What the country really needed was someone like Lyndon Johnson, we were regularly instructed by writers too young to have any memory of LBJ, someone who knew how to “twist arms.” The theme had gone viral on the Internet by the time it reached the letters column of The New York Times print edition. We need a leader who “does whatever it takes to get the public and Congress to follow him,” a reader in Portland, Oregon, wrote. Barack Obama, the letter writer grumbled, was “temperamentally incapable of such behavior.”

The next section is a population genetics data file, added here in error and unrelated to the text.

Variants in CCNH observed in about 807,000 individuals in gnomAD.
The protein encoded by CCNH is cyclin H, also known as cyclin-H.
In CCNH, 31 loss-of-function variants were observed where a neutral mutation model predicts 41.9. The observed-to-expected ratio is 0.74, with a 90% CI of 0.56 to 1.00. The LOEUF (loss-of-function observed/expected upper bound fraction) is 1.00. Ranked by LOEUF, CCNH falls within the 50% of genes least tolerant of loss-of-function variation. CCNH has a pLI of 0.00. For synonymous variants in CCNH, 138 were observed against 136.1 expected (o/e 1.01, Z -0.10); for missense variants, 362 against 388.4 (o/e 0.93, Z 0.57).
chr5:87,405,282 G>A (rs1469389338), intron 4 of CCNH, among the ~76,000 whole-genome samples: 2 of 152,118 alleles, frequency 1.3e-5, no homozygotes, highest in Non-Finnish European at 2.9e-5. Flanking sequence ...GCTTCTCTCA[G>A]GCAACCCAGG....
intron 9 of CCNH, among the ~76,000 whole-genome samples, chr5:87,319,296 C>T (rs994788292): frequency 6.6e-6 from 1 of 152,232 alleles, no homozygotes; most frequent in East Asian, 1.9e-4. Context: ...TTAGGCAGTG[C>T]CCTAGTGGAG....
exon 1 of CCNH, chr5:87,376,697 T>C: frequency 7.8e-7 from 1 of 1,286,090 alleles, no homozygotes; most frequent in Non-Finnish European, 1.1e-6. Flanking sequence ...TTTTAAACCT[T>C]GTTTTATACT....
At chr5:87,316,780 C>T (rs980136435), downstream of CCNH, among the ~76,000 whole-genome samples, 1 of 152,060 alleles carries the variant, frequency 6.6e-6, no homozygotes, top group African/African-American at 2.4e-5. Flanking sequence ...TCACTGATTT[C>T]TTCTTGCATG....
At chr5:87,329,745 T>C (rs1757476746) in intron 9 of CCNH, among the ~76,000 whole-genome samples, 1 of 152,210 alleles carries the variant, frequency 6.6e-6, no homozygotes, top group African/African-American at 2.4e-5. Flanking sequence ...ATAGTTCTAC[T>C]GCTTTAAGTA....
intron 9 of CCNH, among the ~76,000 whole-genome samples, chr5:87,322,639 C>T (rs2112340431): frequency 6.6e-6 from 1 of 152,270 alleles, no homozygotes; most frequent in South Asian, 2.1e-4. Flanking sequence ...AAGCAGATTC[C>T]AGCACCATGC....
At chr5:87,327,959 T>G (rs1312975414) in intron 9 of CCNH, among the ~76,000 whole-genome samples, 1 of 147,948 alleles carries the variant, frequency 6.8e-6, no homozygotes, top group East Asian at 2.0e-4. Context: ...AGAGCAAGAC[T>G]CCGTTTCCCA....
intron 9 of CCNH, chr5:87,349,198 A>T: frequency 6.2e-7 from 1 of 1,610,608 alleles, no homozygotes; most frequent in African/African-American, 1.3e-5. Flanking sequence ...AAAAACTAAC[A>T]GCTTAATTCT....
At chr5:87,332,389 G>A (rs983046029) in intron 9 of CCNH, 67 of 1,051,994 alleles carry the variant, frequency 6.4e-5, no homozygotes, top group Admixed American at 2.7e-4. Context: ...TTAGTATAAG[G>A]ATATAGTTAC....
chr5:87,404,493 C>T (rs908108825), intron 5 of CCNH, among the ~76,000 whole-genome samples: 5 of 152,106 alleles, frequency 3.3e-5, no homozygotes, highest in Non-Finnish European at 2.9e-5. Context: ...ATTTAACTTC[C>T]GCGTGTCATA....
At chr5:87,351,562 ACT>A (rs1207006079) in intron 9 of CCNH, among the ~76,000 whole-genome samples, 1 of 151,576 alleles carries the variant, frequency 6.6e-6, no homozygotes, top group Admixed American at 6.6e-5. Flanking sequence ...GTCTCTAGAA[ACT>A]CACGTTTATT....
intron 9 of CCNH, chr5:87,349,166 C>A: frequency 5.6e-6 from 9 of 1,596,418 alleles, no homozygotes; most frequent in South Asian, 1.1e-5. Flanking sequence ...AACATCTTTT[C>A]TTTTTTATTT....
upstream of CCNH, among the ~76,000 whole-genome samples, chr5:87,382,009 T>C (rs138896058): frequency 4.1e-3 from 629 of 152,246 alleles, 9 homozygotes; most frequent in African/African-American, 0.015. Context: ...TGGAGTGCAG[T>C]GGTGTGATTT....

One of the big complaints was that Obama had “lost control of the narrative.” In the digital era, could a worse fate befall a president? No matter who said this first, it soon seemed that everyone and his brother was saying it. In a demonstration of how swiftly a “narrative” can form and proliferate, a recent Google search turned up tens of thousands of entries for blogs and “repurposed” articles in the cyberspace void echoing this specimen of instantaneous groupthink, tagged by the words “lost control of the narrative.” Perhaps a few of them paused to question what the so-called “narrative” of the moment, any moment, actually amounts to (or even how the academic concept “narrative” had crept into the reporting of stories), or how any president could be expected to “control” it for even a few hours. Lyndon Johnson and his pre-digital, pre-cable, pre-Fox successors could always command an audience by scheduling an Oval Office speech. The three networks would grumble but give him the time and a huge chunk of the national audience would be captured on their Barcaloungers and sofas. Ah, those were the days.